Rabbi Yael Ridberg Reflects on Dor Hadash During 2nd Chaiby Alex Wehrung September 25, 2019
Dor Hadash, the Reconstructionist congregation situated on the San Diego Jewish Academy campus, is celebrating its 2nd chai, or 36th-year anniversary. Rabbi Yael Ridberg, who has been Dor Hadash’s rabbi since 2010, reflected on making her start at the congregation and what makes it unique amongst other San Diego-area synagogues.
Rabbi Yael first came to the congregation of 115 families after serving as the rabbi for a New York-based synagogue for 12 years. “And one of the very early feelings that I got was Dor Hadash really wanted to move into its next phase of establishment here in San Diego,” she said.
Dor Hadash achieved a more visible presence “when we left our space in Kearny Mesa, and then went on to rent space from first the San Diego Jewish Academy, and then the Beth El synagogue in La Jolla.” Dor Hadash then left Beth El and made SDJA its permanent home.
“When you choose to create a participatory and community-based organization that is about partnership, that’s about belonging, that’s about a sense of, in some ways, do-it yourself-Judaism, it’s a very exciting and dynamic kind of congregation.
“It’s unique. It’s not big, it’s intimate and it’s really a blessing to be able to help to create community in a place like San Diego where they are a lot of different options, and it’s a matter of ‘where do you feel most at home,’” she said.
Rabbi Yael described ‘do-it-yourself-Judaism’ as being “about Jewish literacy, Jewish empowering [of] a community to take on an understanding of Jewish life, and ritual, and observance. And the intellectual inquiry in purposeful ways.”
“I think that the history of Reconstructionist Judaism, of reconstructing Judaism in America, led people to feel like they could take a degree of ownership of their engagement with Jewish life in perhaps ways that they had not grown up doing.”
The Reconstructionist Judaism movement (which has links to the Havurah movement) has a storied history. It was kick-started by Orthodox rabbi Mordecai Kaplan, who declared that Jewish tradition ought to be consulted regarding modern Jewish lifestyle, but not take its dictates as absolute. The movement overall identifies as being politically and religiously progressive; there are no barriers for inclusion.
“Reconstructionist Judaism is a very embracing ideology and lens through which Jewish communal life can be imagined for the 21st century. And so I think that when we think about how we are as a community, the tagline of the movement as a whole is very apt: ‘It’s deeply rooted, and boldly relevant.’”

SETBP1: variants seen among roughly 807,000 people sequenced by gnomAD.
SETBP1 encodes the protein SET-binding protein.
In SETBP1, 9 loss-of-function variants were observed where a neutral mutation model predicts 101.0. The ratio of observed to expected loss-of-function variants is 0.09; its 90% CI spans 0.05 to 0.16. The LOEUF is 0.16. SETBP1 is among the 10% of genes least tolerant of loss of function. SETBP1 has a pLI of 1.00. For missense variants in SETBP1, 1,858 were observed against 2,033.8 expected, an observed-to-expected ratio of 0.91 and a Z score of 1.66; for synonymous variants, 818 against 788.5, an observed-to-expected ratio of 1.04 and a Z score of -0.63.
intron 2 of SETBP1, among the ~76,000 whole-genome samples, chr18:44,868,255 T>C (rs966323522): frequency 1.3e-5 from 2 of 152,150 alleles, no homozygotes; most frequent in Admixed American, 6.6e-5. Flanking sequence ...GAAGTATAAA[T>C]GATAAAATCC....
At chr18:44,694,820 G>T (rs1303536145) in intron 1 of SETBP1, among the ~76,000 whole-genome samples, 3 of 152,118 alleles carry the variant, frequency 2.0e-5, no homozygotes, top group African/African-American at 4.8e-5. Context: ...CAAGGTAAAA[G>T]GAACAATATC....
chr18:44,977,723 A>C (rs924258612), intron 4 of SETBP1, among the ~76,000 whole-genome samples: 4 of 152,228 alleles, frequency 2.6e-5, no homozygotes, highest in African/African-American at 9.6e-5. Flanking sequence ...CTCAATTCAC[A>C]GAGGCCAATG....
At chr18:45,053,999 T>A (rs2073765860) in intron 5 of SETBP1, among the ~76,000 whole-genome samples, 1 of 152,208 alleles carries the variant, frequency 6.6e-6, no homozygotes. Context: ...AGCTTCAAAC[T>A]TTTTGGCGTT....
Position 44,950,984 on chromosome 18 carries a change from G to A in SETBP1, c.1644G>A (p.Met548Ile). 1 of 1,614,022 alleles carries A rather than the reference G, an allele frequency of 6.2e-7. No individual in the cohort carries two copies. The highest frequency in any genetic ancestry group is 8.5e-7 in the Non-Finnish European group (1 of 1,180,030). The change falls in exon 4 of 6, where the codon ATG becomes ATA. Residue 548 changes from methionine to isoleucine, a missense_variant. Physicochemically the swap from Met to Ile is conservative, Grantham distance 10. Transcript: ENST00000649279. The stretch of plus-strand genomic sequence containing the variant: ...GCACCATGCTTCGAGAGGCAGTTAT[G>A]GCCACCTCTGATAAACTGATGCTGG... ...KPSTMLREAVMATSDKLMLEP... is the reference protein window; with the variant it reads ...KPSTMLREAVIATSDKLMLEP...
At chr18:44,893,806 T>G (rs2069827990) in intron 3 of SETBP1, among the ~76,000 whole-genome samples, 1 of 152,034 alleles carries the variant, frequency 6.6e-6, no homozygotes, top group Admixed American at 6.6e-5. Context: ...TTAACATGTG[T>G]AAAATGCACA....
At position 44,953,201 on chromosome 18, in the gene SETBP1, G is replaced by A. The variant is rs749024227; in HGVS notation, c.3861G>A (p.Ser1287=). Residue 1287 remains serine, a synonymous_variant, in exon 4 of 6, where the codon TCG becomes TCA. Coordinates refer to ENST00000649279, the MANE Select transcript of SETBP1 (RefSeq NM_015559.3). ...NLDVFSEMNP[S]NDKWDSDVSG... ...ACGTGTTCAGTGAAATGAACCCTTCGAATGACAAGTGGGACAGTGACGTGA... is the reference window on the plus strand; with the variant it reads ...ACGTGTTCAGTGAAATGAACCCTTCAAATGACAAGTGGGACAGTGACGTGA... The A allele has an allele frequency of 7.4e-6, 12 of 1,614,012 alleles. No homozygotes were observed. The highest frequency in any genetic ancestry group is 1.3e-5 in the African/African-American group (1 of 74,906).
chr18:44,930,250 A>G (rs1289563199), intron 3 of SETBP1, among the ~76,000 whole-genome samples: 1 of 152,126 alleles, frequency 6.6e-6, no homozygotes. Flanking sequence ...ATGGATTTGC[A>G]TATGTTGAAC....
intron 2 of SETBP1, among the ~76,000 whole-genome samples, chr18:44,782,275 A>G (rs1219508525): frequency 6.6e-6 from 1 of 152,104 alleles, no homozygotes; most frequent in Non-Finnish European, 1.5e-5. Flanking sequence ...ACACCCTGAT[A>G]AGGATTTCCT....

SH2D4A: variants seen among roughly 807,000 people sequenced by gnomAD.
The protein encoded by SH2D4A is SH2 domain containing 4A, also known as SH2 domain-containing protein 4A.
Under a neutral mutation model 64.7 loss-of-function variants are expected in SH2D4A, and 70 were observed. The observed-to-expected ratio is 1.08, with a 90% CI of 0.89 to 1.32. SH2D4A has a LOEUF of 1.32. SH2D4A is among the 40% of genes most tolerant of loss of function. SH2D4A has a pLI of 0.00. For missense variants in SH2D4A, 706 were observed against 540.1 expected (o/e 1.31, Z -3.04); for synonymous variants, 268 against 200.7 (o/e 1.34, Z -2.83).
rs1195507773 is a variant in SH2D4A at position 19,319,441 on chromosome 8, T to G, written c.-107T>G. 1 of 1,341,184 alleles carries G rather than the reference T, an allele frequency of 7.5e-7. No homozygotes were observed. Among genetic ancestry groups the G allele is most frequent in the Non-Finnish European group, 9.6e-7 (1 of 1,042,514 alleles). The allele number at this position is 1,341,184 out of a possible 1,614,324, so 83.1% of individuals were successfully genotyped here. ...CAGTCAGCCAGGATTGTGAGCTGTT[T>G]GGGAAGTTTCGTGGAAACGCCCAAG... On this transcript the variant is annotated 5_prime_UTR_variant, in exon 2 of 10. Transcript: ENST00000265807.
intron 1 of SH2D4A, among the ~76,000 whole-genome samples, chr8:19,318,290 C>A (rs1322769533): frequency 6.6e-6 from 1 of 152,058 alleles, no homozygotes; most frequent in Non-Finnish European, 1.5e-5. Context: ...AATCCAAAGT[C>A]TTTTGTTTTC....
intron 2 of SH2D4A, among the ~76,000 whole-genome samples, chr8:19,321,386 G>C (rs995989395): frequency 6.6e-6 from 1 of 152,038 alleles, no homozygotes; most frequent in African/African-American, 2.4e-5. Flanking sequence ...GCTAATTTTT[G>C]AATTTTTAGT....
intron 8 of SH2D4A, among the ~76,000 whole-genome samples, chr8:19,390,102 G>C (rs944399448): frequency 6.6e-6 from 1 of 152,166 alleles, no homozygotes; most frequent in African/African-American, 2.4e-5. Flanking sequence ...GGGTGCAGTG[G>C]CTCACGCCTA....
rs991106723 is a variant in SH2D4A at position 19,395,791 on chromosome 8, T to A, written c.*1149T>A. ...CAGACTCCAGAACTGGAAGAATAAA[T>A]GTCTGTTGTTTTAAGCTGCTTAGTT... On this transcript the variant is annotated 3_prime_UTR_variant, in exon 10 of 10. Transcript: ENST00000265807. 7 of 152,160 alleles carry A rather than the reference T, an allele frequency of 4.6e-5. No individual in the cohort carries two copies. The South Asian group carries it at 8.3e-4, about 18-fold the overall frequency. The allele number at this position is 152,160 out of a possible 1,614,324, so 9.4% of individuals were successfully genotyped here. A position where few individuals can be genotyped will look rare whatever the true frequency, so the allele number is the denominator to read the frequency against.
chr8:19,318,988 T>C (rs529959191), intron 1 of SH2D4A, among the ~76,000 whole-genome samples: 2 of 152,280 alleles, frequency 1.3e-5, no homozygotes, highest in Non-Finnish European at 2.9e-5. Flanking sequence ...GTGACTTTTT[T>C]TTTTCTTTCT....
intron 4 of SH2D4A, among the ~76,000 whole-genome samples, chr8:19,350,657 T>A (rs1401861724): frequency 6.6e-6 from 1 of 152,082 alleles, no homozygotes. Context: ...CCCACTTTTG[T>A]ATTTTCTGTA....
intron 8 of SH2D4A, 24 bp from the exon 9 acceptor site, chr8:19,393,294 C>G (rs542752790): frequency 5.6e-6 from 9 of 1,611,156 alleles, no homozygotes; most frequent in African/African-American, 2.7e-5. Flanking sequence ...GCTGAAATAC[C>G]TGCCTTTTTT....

Dor Hadash grounds itself to this idea of relevance through its advocacy of social justice. It has participated in the San Diego Pride Parade for the past 15 years, and holds an annual service to teach the beliefs of Martin Luther King, Jr., as well as discuss how to honor and carry forth his legacy. Several members of Dor Hadash also founded ‘Detainee Allies,’ a group that provides spiritual, communal and psychological support for detainees at the Otay Mesa Detention Center. Members of Dor Hadash, including Rabbi Ridberg, also stood in solidarity with Muslims in the aftermath of the white supremacist terrorist attacks in Christchurch, New Zealand.
“We see a direct link between the teachings of our traditions,” Rabbi Yael said, “and how we are called to be in the world. And so our community continues to show up whenever we are asked and whenever there is the need, both in the Jewish community, like after the Pittsburgh massacre, certainly after Poway, and as well as after the immigration bans that have come down, to really speak out as a community that remembers that we once were strangers, and we once were refugees, and we still are people who not only should take care of ourselves, but our commitment is to care for others.
“Because if we don’t do both–care for ourselves and others–then we’re not living up to the values that Judaism offers.”
To celebrate its 2nd chai, Dor Hadash will be putting on several events–many of which are currently still in the planning stages–and will perform outreach to get members of the San Diego community to visit the synagogue and see if they might want to return to it. “There’ll be a number of events throughout the year that enable that to happen,” Rabbi Yael explained.
“We don’t ask anyone to abandon their head or their heart at the door. When people come where they come from and they are accepted as they are, we just want people to take a degree of ownership of their own Jewish life and practice, and that enables people to feel like that there aren’t many barriers to entry. Like, you don’t have to look a certain way, you don’t have to be married to a certain kind of person, you don’t have to have children or not have children. There’s such diversity among our members, that I feel like we look like the Jewish world. And that feels
“There’s that which is a celebration for us ourselves, which is not at the exclusion of anyone, but that we’re also just excited… what’s the next 36 years going to be? How can we be even more present in the community? But all of our events, all of our services, all of our classes they’re all open to the public, they’re all available for people to come and try us out and seek us out, and we really invite everyone to do that,” Rabbi Yael said.